Original image

Search of the Internet Reveals No Evidence of Time Travelers

Original image

Sorry, time travel enthusiasts: A recent study conducted by researchers at Michigan Technological University’s Department of Physics searched the Internet for signs of prescient content and found nothing. “The discovery of time travel into the past could be transformative not only to physics but to humanity,” study authors Robert Nemiroff and Teresa Wilson note in the paper. “This is perhaps the most comprehensive search to date.” Here’s how they came to their conclusion—and why there might still be hope.

Search Engines and Social Media

The first step was figuring out who they weren’t looking for. Nemiroff and Wilson ruled out looking for travelers who came from the past to the future for two reasons: The technology to create a time machine didn’t exist in the past and because “we were unable to conceive of a simple method that would clearly indicate that informational traces they might have left were evidence of time travel from the past and not just simple knowledge of the past.”

Having eliminated time travelers from the past from their Internet search, Nemiroff and Wilson had to determine how to best look for travelers from the future who might have left content that was once prescient. They decided to look for content between January 2006 and September 2013 using two search terms that originated during that time period, were sufficiently unique, and would still be well known and important in the future. The terms they settled on were Comet ISON, which was discovered on September 21, 2012, and Pope Francis, who was elected on March 16, 2013, and was the first pope to choose the name Francis. The researchers believed that there would be very little reason for anyone without prescient knowledge to be using those terms before they entered the popular lexicon. And because the use of hashtags is widespread and makes information easier to find, the researchers included the hashtags “#cometison” (but not #comet and #ison, which would not have returned information about just Comet ISON) and “#popefrancis” in their searches.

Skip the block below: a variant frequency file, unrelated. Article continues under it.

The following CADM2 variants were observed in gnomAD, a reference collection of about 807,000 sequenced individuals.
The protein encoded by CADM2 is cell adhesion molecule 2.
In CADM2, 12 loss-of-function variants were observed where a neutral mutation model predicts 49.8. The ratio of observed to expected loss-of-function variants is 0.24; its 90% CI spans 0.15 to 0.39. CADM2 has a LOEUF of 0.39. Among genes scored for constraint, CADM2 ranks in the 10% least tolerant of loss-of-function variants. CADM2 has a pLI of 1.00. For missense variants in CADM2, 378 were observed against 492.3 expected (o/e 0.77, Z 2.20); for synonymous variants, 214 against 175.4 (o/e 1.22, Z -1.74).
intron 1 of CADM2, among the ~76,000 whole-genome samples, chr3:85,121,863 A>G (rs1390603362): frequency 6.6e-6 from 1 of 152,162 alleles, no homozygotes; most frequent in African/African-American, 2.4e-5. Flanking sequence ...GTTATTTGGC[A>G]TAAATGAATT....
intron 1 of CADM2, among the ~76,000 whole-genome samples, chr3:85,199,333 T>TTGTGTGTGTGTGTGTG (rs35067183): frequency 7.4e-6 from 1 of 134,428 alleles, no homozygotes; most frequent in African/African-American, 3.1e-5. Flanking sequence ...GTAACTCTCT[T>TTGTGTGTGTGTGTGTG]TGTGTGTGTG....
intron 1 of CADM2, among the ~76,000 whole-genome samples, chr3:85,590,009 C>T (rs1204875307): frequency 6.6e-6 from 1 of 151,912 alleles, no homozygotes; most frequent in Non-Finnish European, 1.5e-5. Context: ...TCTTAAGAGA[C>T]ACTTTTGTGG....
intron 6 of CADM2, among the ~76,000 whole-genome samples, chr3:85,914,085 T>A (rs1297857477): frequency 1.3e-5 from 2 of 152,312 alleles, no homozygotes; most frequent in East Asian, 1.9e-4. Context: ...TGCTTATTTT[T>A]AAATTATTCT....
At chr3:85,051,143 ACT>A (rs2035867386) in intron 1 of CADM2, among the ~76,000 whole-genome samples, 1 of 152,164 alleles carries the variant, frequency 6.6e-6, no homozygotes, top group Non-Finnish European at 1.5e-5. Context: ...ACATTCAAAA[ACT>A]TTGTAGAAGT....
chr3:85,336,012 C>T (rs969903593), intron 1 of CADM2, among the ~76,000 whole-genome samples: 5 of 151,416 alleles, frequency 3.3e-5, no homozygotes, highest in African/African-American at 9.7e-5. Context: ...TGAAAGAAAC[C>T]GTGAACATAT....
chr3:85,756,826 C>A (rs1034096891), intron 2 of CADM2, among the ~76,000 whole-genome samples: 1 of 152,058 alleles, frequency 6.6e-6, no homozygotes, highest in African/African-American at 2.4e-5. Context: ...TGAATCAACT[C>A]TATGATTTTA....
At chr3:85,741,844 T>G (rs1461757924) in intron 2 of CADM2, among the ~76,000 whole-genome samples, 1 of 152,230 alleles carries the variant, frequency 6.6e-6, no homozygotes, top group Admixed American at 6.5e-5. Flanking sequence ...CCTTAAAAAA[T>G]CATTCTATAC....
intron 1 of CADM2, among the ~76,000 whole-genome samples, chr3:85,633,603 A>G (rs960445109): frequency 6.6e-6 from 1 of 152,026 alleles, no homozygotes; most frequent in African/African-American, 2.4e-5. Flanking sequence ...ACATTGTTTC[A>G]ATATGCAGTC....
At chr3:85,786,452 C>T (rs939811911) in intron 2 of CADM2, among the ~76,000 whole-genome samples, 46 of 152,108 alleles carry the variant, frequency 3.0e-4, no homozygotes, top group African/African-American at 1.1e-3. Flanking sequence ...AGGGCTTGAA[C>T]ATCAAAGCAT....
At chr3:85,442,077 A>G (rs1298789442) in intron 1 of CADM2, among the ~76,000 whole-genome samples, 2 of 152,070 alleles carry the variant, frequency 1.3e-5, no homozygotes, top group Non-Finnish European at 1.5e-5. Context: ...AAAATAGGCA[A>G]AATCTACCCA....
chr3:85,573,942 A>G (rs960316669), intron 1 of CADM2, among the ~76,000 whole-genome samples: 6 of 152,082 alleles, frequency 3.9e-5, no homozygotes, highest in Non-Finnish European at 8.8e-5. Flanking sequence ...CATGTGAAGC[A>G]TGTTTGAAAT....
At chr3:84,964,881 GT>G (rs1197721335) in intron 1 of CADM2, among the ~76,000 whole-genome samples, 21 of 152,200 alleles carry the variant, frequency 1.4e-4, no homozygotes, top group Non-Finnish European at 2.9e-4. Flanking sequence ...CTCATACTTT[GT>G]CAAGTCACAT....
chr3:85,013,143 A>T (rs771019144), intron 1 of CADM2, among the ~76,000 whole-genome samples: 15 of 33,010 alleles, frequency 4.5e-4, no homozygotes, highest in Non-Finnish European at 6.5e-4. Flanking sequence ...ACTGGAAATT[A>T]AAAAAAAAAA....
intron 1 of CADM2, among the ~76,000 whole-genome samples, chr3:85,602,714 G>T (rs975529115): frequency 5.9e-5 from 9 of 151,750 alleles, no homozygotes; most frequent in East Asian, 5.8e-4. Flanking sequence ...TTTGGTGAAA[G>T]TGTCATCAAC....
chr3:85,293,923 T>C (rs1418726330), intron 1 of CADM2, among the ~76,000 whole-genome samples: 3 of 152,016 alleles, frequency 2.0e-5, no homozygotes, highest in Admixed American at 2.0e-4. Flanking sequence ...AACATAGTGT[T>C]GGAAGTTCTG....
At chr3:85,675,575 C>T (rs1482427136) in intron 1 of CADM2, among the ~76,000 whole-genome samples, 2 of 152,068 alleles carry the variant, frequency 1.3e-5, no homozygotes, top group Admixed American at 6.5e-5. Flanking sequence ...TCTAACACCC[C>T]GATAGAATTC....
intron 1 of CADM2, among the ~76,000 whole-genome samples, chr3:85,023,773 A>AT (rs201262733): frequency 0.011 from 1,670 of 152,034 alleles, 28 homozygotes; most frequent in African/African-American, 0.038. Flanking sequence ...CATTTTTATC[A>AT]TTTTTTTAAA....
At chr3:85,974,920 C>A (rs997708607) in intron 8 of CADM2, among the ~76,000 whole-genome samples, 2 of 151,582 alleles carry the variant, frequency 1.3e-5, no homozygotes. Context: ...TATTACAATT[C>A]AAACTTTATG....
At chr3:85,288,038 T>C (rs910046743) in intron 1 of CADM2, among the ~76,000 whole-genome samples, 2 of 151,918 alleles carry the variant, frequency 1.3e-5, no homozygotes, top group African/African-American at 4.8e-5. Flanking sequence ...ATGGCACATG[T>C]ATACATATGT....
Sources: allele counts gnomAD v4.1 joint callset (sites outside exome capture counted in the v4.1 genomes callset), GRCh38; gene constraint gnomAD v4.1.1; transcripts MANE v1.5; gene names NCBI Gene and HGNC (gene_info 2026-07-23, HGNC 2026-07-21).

Nemiroff and Wilson first turned to search engines to look for evidence of time travelers. But Google turned out to be unreliable; recent advertisements on older news stories returned many results that, at first glance, appeared to be prescient. Bing, meanwhile, “did not appear to have a sufficient ability to filter results by posting dating to be useful,” the paper notes. Facebook and Google-Plus also weren't useful: Facebook allows the backdating of posts, and Google-Plus didn’t always sort search results chronologically, which made it difficult to dig up potentially prescient content.

The team then turned to Twitter, which had a number of advantages: The microblogging platform sorts searches chronologically and doesn’t allow backdating. They looked for their terms using Twitter’s own search, which enabled them to look all the way back to 2006 (when the service was created) and via the Topsy, a Twitter search service. Unfortunately,

No clearly prescient content involving “Comet ISON,” “#cometison,” “Pope Francis,” or “#popefrancis” was found from any Twitter tweet—ever. … Each of these search terms occurred numerous times—hundreds for Comet ISON and thousands for Pope Francis—but, with one noted exception, only after 2012 September for Comet ISON and 2013 March for Pope Francis.

That one exception the researchers mention was a blog that involved speculative discussion of “Pope Francis” that was advertised in a tweet, but the researchers concluded that the tweet and blog were not prescient.

Searching the Searches

Nemiroff and Wilson also looked for prescient queries on Internet search engines. “A time traveler … might have searched for a prescient term to see whether a given event was yet to occur,” they write. “We searched online databases for potentially prescient search terms themselves.”